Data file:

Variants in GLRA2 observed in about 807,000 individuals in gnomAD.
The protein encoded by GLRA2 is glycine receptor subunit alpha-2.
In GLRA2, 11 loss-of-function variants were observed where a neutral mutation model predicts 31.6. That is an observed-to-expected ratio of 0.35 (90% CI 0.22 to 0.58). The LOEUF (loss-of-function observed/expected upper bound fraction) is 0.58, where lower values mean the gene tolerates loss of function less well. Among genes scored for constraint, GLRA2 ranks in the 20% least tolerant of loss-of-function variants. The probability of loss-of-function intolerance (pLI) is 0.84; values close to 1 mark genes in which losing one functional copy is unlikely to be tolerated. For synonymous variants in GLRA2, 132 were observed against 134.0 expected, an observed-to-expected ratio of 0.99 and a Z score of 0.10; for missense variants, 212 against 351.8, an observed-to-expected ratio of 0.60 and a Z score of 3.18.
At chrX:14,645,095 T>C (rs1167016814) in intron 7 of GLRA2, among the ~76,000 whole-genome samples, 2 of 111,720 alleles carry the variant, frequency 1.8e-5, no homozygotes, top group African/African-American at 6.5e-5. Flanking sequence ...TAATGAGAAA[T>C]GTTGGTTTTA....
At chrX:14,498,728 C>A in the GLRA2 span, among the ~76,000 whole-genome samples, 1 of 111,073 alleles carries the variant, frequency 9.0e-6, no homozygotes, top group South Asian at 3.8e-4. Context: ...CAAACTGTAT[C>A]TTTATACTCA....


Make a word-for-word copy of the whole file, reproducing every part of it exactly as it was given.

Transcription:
Variants in GLRA2 observed in about 807,000 individuals in gnomAD.
The protein encoded by GLRA2 is glycine receptor subunit alpha-2.
In GLRA2, 11 loss-of-function variants were observed where a neutral mutation model predicts 31.6. That is an observed-to-expected ratio of 0.35 (90% CI 0.22 to 0.58). The LOEUF (loss-of-function observed/expected upper bound fraction) is 0.58, where lower values mean the gene tolerates loss of function less well. Among genes scored for constraint, GLRA2 ranks in the 20% least tolerant of loss-of-function variants. The probability of loss-of-function intolerance (pLI) is 0.84; values close to 1 mark genes in which losing one functional copy is unlikely to be tolerated. For synonymous variants in GLRA2, 132 were observed against 134.0 expected, an observed-to-expected ratio of 0.99 and a Z score of 0.10; for missense variants, 212 against 351.8, an observed-to-expected ratio of 0.60 and a Z score of 3.18.
At chrX:14,645,095 T>C (rs1167016814) in intron 7 of GLRA2, among the ~76,000 whole-genome samples, 2 of 111,720 alleles carry the variant, frequency 1.8e-5, no homozygotes, top group African/African-American at 6.5e-5. Flanking sequence ...TAATGAGAAA[T>C]GTTGGTTTTA....
At chrX:14,498,728 C>A in the GLRA2 span, among the ~76,000 whole-genome samples, 1 of 111,073 alleles carries the variant, frequency 9.0e-6, no homozygotes, top group South Asian at 3.8e-4. Context: ...CAAACTGTAT[C>A]TTTATACTCA....